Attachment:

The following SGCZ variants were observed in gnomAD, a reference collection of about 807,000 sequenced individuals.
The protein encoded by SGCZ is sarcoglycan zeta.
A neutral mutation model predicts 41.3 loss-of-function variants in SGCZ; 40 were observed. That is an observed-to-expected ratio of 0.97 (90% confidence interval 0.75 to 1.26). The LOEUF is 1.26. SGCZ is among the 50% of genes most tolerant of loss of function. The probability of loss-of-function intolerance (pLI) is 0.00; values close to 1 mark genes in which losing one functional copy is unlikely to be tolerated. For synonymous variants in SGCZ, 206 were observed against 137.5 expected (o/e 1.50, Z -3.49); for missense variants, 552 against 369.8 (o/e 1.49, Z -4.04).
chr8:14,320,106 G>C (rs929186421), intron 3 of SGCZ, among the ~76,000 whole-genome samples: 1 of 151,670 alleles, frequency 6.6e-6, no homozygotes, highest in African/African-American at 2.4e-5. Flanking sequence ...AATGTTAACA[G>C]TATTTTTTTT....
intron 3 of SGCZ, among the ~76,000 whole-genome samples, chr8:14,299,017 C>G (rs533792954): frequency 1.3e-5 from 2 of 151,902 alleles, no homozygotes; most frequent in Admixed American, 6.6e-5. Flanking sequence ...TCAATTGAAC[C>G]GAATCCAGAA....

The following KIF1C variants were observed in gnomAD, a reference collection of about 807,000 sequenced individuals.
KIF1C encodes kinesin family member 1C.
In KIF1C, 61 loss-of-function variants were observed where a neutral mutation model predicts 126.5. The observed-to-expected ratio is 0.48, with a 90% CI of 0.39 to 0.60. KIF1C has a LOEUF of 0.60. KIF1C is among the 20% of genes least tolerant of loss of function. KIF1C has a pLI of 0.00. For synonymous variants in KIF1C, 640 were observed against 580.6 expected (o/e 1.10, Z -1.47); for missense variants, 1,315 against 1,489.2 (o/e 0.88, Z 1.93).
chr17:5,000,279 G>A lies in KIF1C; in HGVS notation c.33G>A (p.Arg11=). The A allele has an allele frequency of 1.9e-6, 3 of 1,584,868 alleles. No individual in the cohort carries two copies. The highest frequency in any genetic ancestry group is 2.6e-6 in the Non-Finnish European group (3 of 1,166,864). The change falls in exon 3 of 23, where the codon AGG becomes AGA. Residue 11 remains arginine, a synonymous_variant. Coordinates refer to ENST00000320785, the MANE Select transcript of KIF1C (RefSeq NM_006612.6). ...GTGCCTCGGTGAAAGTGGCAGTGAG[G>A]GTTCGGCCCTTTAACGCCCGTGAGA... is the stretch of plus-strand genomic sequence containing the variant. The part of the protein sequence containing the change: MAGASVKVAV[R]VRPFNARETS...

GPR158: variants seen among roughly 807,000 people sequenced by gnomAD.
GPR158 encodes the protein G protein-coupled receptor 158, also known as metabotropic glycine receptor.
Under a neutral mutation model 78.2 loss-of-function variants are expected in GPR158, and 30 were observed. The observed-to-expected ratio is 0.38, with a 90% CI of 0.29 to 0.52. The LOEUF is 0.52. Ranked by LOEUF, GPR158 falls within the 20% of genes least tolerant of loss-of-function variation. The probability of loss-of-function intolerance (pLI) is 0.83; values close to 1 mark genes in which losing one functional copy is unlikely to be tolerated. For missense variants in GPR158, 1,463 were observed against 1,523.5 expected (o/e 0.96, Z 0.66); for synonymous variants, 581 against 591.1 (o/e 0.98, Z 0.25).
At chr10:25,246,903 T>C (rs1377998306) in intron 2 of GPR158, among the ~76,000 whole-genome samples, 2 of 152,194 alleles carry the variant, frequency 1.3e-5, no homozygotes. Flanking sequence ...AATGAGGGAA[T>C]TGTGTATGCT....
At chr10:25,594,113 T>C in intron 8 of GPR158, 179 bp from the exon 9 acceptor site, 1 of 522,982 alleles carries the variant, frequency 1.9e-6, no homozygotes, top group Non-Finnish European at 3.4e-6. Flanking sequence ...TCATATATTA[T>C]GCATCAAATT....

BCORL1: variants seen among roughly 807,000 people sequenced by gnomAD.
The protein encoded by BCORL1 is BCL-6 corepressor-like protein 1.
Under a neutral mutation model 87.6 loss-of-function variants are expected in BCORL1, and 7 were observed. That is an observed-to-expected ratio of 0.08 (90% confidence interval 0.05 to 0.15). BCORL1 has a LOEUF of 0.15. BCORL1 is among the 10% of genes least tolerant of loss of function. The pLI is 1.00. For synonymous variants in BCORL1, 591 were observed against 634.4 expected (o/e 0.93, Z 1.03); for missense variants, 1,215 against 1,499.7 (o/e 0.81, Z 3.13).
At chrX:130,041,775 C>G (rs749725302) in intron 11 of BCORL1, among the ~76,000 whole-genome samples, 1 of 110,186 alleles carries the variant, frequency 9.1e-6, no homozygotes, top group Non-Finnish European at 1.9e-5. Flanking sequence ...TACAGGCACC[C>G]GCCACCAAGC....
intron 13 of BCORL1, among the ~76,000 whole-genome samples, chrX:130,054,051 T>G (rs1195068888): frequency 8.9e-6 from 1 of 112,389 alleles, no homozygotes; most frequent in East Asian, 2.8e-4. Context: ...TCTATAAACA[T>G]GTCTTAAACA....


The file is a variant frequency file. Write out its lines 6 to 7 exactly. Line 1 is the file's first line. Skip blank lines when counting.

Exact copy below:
The following KIF1C variants were observed in gnomAD, a reference collection of about 807,000 sequenced individuals.
KIF1C encodes kinesin family member 1C.